Team McCallum

R&D for Lifetime of Life

Am I angry or happy, babe?

It is known that adults process the image of angry or happy faces through a part of the brain called the STS (superior temporal sulcus). A non-invasive technique called NIRS (near-infrared spectroscopy) has been used by a Japanese team to see if babies do the same.

NIRS involves placing electrodes on the baby’s head, but otherwise does not harm or constrain the child. It looks at a number of components of blood flow known to be associated with brain activation.

Other studies have suggested that babies develop the ability to distinguish happy and angry faces around the age of 6 to 7 months, so the Japanese team carried out their research on 7 month old babies.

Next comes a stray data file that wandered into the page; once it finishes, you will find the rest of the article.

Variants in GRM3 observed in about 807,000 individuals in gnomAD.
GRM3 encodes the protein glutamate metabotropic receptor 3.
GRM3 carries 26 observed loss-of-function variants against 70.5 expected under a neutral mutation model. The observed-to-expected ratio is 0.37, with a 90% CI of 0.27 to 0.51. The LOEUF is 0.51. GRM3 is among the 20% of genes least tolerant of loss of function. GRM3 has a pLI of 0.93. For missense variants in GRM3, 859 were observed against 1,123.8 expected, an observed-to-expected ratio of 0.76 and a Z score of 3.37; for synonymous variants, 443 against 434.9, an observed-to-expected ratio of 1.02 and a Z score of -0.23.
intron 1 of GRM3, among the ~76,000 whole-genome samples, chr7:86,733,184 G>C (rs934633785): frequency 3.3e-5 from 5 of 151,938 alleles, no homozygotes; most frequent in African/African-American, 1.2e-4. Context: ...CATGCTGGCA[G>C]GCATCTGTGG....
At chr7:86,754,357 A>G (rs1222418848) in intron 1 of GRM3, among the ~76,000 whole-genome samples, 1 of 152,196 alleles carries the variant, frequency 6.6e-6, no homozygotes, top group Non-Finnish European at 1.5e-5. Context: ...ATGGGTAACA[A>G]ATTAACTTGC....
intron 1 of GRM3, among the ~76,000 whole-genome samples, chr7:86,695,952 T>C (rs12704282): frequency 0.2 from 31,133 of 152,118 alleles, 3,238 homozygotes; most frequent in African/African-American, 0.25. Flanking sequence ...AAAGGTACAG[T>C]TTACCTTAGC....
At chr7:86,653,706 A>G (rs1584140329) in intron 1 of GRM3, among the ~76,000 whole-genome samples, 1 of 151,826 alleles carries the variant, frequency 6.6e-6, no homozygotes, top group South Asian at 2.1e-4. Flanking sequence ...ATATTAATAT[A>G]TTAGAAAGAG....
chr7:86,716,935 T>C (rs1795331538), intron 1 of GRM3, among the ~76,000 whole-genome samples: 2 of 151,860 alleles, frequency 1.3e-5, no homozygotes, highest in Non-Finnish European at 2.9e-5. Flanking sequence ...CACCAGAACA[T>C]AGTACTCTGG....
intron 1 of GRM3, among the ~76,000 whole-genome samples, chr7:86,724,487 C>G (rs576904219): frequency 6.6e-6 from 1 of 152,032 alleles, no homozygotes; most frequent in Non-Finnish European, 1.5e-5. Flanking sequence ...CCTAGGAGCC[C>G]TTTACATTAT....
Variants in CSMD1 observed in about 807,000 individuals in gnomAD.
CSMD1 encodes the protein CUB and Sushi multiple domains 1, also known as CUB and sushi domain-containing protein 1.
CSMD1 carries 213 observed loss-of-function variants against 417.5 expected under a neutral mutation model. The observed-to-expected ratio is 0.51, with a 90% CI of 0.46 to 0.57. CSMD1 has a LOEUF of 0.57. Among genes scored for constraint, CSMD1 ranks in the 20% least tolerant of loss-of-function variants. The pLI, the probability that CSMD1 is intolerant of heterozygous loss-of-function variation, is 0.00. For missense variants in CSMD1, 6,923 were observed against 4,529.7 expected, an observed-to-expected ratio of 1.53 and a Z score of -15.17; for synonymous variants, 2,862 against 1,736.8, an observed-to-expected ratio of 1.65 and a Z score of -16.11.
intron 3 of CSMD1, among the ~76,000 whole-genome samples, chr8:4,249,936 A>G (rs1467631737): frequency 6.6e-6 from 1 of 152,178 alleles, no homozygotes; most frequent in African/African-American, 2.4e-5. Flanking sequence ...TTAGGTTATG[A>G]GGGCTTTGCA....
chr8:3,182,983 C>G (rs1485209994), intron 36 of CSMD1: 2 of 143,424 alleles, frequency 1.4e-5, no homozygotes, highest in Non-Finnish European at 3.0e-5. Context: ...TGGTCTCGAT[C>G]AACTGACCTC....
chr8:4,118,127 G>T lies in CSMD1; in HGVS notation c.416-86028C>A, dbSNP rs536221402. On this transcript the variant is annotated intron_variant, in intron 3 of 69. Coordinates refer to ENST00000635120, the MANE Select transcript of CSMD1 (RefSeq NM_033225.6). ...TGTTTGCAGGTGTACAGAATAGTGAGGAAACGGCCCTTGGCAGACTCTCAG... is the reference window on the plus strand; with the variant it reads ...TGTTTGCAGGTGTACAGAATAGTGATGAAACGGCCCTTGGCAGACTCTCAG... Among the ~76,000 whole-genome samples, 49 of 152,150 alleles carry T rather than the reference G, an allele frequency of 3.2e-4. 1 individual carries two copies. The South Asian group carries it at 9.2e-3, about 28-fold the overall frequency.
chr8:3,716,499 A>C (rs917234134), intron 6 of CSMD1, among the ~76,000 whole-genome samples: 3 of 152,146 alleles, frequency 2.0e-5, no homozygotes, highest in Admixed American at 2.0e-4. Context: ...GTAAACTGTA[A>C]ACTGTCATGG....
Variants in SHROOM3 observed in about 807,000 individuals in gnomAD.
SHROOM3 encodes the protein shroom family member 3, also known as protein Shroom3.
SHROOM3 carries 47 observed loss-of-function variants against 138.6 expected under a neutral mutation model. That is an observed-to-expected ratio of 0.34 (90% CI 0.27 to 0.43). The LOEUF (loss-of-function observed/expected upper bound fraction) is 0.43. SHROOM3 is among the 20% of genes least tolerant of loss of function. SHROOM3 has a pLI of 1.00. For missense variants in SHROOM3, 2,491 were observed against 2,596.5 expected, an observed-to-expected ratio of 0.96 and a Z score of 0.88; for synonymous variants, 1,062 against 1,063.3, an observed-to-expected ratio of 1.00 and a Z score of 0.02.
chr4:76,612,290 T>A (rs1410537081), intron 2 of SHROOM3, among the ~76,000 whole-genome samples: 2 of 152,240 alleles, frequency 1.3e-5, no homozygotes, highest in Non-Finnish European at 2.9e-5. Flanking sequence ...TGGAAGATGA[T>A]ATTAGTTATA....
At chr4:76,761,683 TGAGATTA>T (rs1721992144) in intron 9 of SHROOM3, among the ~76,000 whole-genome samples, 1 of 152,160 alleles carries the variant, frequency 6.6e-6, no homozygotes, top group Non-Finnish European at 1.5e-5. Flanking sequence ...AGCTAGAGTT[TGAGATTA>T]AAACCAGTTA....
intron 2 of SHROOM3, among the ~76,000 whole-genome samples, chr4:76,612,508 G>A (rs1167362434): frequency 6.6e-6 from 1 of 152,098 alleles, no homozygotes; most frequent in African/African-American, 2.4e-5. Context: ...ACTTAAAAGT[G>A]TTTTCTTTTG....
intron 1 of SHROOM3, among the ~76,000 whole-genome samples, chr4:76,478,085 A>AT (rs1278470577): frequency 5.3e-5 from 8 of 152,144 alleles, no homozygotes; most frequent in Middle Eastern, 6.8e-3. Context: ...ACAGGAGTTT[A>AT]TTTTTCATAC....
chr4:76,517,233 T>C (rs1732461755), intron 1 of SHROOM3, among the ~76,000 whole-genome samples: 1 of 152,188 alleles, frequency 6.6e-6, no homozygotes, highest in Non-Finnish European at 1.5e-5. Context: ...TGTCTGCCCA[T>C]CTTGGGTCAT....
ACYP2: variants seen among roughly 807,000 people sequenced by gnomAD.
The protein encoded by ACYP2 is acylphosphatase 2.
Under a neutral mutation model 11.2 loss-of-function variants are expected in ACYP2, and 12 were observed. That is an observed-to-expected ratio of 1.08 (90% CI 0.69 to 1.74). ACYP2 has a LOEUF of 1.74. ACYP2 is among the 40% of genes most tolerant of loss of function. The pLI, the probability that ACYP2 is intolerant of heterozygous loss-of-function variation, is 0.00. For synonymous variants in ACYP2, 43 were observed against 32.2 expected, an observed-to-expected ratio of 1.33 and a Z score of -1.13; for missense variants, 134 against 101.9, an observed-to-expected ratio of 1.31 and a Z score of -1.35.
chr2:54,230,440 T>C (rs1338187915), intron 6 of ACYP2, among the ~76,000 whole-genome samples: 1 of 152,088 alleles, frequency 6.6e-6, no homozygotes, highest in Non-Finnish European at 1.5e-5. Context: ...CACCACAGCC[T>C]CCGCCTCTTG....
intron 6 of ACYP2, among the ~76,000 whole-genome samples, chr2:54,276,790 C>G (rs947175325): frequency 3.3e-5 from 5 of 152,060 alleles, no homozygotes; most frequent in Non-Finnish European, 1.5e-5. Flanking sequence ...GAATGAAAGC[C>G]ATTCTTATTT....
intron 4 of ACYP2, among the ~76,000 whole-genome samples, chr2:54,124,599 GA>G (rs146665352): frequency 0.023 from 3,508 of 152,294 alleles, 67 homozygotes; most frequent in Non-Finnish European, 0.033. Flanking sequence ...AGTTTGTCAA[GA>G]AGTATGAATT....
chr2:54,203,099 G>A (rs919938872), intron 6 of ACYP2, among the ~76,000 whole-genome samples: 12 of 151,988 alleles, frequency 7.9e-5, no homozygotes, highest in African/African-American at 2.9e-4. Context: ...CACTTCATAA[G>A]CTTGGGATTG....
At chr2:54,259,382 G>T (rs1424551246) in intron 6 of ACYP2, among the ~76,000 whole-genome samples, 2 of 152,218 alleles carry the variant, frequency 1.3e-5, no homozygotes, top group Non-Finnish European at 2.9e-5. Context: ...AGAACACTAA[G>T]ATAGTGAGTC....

They confirmed that babies also process happy and angry faces through the STS, like adults, with happy and angry faces activating different parts of the STS.

For happy faces, brain activity built up slowly and continued even after the happy face disappeared. For angry faces, the response was different, with a quicker build-up and a rapid decline when the angry face disappeared.

So, simply by looking at your face, your 6 month old baby can tell if you’re angry or happy.


November 7, 2010 - Posted by | Brain, Learning, Relationships, Success

1 Comment »

  1. Near-Infrared Spectroscopy Reveal Infants’ Hemodynamic Responses To Happy And Angry Facial Expressions…

    A Japanese research group led by Prof. Ryusuke Kakigi and Dr. Emi Nakato (National Institute for Physiological Sciences: NIPS) and Prof. Masami K Yamaguchi (Chuo University) found hemispheric differences in the temporal area overlying superior temporal…

    Trackback by | November 9, 2010 | Reply

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